An Israeli mobile forensics firm that touts its “breakthrough ability to unlock Apple devices” is helping the FBI crack into the San Bernardino phone, according to a report in an Israeli newspaper that cites anonymous sources. . . .

    Google Translate (for link embedded in blockquote): "An Israeli company helped the FBI crack the iPhone", by Sagi Cohen, Ynet, Mar 23, 2016
    The FBI uses the services of the company Slbriit Petah Tikvah an attempt to break the terrorist's locked iPhone San Bernardino. Industry sources estimate familiar with the matter.

    reply to this | link to this | view in thread ]

  10. identicon
    Anonymous Coward, Mar 23rd, 2016 @ 9:42am

    Re: When did FBI Lie?

    Oh, the truth slips out on occasion, accidentally, and the persons responsible are fired and possibly prosecuted.

    reply to this | link to this | view in thread ]

  11. identicon
    Anonymous Coward, Mar 23rd, 2016 @ 9:44am

    Honestly, I think people are over-thinking how to hack the phone. This link shows that it very well might have been possible without even taking the phone apart.

    reply to this | link to this | view in thread ]

  12. identicon
    Anonymous Coward, Mar 23rd, 2016 @ 9:56am

    They should have just asked the Chinese to begin with.
    Also, as a criminal defense attorney, I have learned that if you have to ask "did you lie then, or are you lying now?" You are asking the wrong question. The correct is which lies did we catch you in the, and which of the lies you tell now will we eventually catch.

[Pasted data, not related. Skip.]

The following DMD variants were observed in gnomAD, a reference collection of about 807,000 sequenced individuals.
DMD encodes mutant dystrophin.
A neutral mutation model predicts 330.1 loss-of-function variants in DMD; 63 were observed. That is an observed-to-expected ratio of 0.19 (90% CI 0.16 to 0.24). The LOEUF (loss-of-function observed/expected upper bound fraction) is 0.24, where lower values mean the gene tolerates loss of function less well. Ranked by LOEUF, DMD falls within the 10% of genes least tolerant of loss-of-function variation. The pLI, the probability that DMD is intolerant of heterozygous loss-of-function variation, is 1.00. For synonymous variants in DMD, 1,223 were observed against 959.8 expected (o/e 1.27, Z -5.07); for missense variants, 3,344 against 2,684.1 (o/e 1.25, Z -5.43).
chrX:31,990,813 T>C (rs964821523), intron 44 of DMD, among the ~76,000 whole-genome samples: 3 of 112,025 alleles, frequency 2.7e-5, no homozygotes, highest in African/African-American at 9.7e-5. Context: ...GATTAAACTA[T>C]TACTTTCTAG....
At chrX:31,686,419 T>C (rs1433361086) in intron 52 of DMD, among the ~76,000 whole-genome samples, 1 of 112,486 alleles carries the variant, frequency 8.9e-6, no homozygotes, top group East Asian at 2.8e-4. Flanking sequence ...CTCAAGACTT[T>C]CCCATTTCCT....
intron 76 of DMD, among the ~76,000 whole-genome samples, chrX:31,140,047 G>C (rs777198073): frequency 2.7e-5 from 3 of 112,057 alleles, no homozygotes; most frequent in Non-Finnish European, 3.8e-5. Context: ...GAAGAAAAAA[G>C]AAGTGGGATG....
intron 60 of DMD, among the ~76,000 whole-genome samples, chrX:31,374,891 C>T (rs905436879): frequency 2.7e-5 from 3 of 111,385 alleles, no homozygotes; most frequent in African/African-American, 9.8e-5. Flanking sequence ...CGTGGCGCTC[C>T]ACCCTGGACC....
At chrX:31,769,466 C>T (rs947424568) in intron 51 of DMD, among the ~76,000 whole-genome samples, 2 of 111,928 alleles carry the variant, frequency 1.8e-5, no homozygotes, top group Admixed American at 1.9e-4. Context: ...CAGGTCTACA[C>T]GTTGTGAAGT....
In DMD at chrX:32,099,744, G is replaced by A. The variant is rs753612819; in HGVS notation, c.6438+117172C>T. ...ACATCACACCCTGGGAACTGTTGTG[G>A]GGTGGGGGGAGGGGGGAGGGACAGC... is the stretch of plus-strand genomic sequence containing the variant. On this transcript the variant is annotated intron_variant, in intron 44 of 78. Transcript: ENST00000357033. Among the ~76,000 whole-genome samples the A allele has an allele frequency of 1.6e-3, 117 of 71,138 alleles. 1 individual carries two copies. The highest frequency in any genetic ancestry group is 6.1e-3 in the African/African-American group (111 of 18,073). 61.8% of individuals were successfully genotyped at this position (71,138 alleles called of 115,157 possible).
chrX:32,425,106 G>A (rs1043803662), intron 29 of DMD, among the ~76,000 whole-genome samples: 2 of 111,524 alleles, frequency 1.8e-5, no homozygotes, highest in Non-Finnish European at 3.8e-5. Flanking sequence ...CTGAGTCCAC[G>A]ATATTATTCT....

reply to this | link to this | view in thread ]

  13. identicon
    Anonymous Coward, Mar 23rd, 2016 @ 10:00am

    Or BOTH times?!

    reply to this | link to this | view in thread ]

  14. identicon
    Anonymous Coward, Mar 23rd, 2016 @ 10:01am

    Why not both instead of one or the other

    reply to this | link to this | view in thread ]

  15. icon
    That One Guy (profile), Mar 23rd, 2016 @ 10:01am

    Re: Re: Latest rumors

    A new method to crack open locked iPhones is so promising that US government officials have classified it, the Guardian has learned. . .

    Which certainly answers the following:

    And then there's the other question: if the FBI really has tracked down a new "vulnerability" in Apple's encryption... will it tell Apple about it so that Apple can patch it? Remember, the White House has told the various parts of the federal government that they should have a "bias" towards revealing the flaws so they can be patched... but leaving a "broad exception for 'a clear national security or law enforcement need.'" It's pretty clear from how the DOJ has acted that it believes this kind of hole is a "law enforcement need."

    If they really believe that the security hole is that valuable, valuable enough to classify, there is no chance whatsoever that they will tell Apple about it so that it can be fixed. Once again you get a situation where a government agency is acting contrary to the best interests of everyone else so that they can continue to benefit.

    And they wonder why the tech industry doesn't trust them...

    reply to this | link to this | view in thread ]

  16. identicon